Methoxycarbonylsulfamoyl Chloride1

[36914-92-8]  · C2H4ClNO4S  · Methoxycarbonylsulfamoyl Chloride  · (MW 173.59)

(precursor for the Burgess reagent;1 regent for heterocyclic cycloaddition6)

Physical Data: mp 70-74 °C.

Solubility: sol benzene, cyclohexane, THF, MeCN.

Form Supplied in: white crystalline solid.

Preparative Method: readily prepared in high yield from the reaction of Chlorosulfonyl Isocyanate and anhydrous methanol.1

Handling, Storage, and Precautions: is moisture sensitive and should be stored in a dark bottle, protected from light. Violent decomposition has been observed when the product is stored in a clear-glass container or when advertently exposed to sunlight.

Formation of the Inner Salt of the Burgess Reagent.

The reaction of anhydrous Triethylamine with methoxycarbonylsulfamoyl chloride (1) in benzene produces the inner salt of (Methoxycarbonylsulfamoyl)triethylammonium Hydroxide (the Burgess reagent) (eq 1).1 The Burgess reagent has been used in the formation of urethanes from primary alcohols; the urethanes are converted to primary amines upon hydrolysis.1,2 The Burgess reagent has commonly been used in stereospecific cis elimination of secondary and tertiary alcohols to provide alkenes,2,3 and in the synthesis of vinyltributyltin compounds.4

Cycloaddition Reactions.

Deprotonation of reagent (1) with Sodium Hydride provides the salt form of reagent (1), which undergoes cycloaddition with various alkenes. Decomposition of the salt form at 30 °C in THF yields the solvent complex of methyl N-sulfonylurethane, whereas reaction of the salt with acetonitrile, or other nitrile compounds, provides substituted 1,3,4,5-oxathiazines (eq 2). Both species are prone to cycloaddition reactions with alkenes (eq 2); however, the advantage of the latter species is the possibility of using higher reaction temperatures, thus enabling the formation of cycloadducts from otherwise unreactive alkenes.5,6 The stereospecificity of the cycloaddition reaction has been investigated with a model substrate, trans-styrene-b-d, in both THF and acetonitrile. In both cases, cycloadducts (4) and (5) are formed in a ratio of 1:3 in 72% overall yield;5 therefore, both [2 + 2] and [2 + 4] cycloadducts are formed with complete stereospecificity.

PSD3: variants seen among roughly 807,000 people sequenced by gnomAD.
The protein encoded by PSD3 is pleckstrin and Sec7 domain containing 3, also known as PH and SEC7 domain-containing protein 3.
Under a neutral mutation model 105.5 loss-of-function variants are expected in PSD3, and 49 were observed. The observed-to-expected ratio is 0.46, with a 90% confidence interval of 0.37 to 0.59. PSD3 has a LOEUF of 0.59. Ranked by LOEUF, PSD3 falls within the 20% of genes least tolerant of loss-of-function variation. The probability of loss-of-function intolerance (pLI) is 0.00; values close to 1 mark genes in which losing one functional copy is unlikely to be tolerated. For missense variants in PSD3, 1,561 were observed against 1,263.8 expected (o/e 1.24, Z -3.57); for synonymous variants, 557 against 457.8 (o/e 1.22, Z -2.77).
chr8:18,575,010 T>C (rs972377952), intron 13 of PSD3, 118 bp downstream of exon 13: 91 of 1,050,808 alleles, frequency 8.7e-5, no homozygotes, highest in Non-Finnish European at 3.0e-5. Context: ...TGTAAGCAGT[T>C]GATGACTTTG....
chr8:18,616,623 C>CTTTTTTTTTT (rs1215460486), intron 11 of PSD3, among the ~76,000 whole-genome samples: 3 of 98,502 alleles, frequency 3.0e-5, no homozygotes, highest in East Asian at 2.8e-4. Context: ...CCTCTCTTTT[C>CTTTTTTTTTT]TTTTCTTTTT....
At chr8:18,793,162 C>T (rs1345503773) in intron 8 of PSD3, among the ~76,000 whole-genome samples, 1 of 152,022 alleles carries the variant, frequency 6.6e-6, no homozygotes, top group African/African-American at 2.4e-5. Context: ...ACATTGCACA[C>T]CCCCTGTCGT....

Intermediates (2) and (3) react with ynamines to form heterocycles (eq 3).7 As with the cycloaddition reactions with alkenes, the nature of the product is dependent on whether species (2) or (3) is allowed to react with the ynamine.

Metal-assisted cycloadditions with intermediate (2) have been reported (eq 4).8 These reactions are dominated by the metal functioning as an electron-donor center.

1. Burgess, E. M.; Penton, H. R., Jr.; Taylor, E. A.; Williams, W. M. OS 1977, 56, 40.
2. Duncan, J. A.; Hendricks, R. T.; Kwong, K. S. JACS 1990, 112, 8433.
3. Burgess, E. M.; Penton, H. R., Jr.; Taylor, E. A. JOC 1973, 38, 26.
4. Ratier, M.; Khatmi, D. SC 1989, 19, 285.
5. Burgess, E. M.; Williams, W. M. JACS 1972, 94, 4386.
6. Burgess, E. M.; Williams, W. M. JOC 1973, 38, 1249.
7. Kloek, J. A.; Leschinsky, K. L. JOC 1980, 45, 721.
8. Cutler, A.; Ehntholt, D.; Giering, W. P.; Lennon, P.; Raghu, S.; Rosan, A.; Rosenblum, M.; Tancrede, J.; Wells, D. JACS 1976, 98, 3495.

J. Joyce Siregar & Shahriar Mobashery

Wayne State University, Detroit, MI, USA

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